Software
Commentary
8/2/2005
09:43 AM
Alice LaPlante
Alice LaPlante
Commentary
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ESB For SOA Reliability

An SOA promises many things -- you can keep using existing applications rather than building them from scratch, they are scalable and robust, and, if designed right, should be capable of "on-demand" response to the needs of the enterprise. But one of the trade-offs of SOA is reliability, especially with

An SOA promises many things -- you can keep using existing applications rather than building them from scratch, they are scalable and robust, and, if designed right, should be capable of "on-demand" response to the needs of the enterprise. But one of the trade-offs of SOA is reliability, especially with Web services most often transported over HTTP. Although there are two new (and competing) specifications that are supposed to address this (Web Services Reliable Messaging and Web Services Reliability) most of today's SOA projects are depending on an enterprise service bus (ESB) to ensure reliability.An ESB is the "backbone" of your SOA, providing message reliability, exception handling, and publication-subscription model capabilities. Compare it to legacy store-and-forward middleware messaging technologies, such as IBM's MQ Series. An ESB also can serve as an integration point, offering multiple applications access to the same transaction across the enterprise.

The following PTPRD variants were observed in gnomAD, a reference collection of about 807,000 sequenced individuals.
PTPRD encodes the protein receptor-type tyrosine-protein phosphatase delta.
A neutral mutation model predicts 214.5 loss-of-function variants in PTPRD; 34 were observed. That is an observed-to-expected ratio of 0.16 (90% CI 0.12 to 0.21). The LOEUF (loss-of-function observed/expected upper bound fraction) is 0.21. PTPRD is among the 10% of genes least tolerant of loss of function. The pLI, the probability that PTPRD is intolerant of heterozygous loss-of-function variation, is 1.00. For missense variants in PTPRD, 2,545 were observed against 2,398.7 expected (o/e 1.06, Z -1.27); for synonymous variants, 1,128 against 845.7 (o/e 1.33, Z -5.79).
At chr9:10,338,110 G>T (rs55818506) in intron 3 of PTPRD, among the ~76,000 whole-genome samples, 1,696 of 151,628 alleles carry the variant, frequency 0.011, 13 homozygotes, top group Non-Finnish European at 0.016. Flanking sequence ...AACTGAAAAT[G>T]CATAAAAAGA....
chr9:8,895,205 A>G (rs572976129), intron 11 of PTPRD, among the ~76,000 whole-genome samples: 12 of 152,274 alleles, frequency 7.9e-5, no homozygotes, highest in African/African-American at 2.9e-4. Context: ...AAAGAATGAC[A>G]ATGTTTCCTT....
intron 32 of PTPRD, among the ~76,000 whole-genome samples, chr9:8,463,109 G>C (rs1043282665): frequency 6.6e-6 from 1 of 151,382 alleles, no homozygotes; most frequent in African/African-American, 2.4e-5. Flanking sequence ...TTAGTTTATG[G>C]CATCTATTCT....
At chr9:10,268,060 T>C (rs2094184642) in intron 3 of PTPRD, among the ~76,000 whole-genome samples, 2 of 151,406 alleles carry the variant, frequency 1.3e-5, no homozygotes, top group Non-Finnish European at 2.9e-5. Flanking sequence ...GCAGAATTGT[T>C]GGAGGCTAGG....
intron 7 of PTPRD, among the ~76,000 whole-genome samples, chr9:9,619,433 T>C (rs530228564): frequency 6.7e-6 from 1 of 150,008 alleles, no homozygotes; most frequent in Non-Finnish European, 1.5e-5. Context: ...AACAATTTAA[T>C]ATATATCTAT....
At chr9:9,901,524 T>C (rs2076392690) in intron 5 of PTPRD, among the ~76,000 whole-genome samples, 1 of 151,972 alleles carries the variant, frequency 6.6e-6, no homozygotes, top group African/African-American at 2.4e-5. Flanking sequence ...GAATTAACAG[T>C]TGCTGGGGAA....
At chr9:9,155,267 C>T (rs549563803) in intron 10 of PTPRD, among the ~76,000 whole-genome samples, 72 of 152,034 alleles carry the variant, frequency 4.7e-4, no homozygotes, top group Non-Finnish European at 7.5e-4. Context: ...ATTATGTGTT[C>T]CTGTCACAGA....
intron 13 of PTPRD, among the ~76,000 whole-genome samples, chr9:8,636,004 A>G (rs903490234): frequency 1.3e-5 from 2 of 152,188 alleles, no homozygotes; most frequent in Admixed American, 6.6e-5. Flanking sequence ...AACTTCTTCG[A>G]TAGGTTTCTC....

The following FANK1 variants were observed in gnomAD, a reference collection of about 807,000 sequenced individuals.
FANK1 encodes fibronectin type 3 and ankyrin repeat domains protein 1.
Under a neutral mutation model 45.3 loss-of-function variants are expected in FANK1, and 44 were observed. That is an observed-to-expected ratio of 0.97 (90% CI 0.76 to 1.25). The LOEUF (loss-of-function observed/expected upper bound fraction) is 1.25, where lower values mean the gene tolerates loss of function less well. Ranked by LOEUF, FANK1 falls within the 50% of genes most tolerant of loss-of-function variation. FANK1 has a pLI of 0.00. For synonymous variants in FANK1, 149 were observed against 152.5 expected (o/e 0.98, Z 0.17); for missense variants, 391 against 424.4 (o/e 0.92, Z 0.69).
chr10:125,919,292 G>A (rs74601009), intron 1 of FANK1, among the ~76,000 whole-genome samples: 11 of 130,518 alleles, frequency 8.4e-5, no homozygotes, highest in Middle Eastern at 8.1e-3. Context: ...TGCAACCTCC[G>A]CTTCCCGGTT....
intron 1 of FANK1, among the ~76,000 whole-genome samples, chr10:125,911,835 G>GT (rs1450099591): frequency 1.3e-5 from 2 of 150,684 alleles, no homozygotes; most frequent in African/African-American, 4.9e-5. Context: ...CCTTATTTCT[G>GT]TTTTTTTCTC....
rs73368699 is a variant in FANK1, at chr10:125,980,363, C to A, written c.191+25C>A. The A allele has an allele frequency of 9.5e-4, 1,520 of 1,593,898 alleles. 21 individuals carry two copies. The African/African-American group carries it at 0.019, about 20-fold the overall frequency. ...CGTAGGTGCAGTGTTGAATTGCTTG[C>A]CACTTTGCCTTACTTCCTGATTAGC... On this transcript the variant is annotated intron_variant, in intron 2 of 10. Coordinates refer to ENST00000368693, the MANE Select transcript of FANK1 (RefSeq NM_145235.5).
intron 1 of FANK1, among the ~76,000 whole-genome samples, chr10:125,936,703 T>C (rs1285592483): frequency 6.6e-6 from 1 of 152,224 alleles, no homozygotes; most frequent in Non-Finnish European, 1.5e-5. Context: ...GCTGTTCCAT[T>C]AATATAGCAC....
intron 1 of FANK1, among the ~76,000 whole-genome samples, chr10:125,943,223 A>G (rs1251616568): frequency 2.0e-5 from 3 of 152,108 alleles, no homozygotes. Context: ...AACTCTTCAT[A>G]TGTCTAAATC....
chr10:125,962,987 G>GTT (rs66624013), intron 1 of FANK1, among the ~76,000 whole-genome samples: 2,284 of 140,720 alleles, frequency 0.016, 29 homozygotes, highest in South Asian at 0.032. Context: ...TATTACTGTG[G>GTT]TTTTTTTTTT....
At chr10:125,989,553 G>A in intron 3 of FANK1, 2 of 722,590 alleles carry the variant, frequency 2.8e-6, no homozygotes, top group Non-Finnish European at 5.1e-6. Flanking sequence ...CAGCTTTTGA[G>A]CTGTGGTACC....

We have a couple of ESB-related articles for you this week. The first one is a news story announcing the latest version of Cape Clear's flagship ESB. Cape Clear 6.1 now supports the WS-ReliableMessaging Web services standard and runs on Java Message Service (JMS) infrastructure software from a variety of vendors, including Oracle, Sonic Software, Tibco and IBM. The Waltham, Mass., company also licensed JMS software from JBoss, which Cape Clear offers as an option. As one of the original ESBs, the Cape Clear product is one of the most mature on the market. You should check it out. The second article is the really interesting one. Our Network Computing Business Applications Lab in Green Bay, Wis., provides our technical team with a real-world environment for testing complex, enterprise-class software. This week, we published a piece by Lori MacVittie that details the building of an SOA in the lab. Because the lab's networks and servers function as production systems and maintain databases that house financial, inventory, customer and order data to support a fictional widget manufacturer, Lori was able to do a real-world implementation of an SOA that included use of an ESB, plus a UDDI registry, and Web services security functionality. Among other things, Lori provides you with a step-by-step roadmap toward implementing an SOA.

Finally, we have a review of Systinet Business Service Registry 6.0., that concludes that the product eases the pain of managing a UDDI directory of services. A UDDI registry is a centralized repository that contains a directory of all services available across the enterprise, cataloged by whatever taxonomy makes the most sense for your organization. Many companies implementing SOAs are finding a UDDI registry critical for their efforts, but it is not an easy technology to master. Systinet's Business Service Registry can help you get there with a minimum of pain.

That's all for this week. Have a good one.

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MSHAKIL201
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MSHAKIL201,
User Rank: Apprentice
10/17/2011 | 6:20:19 AM
re: ESB For SOA Reliability
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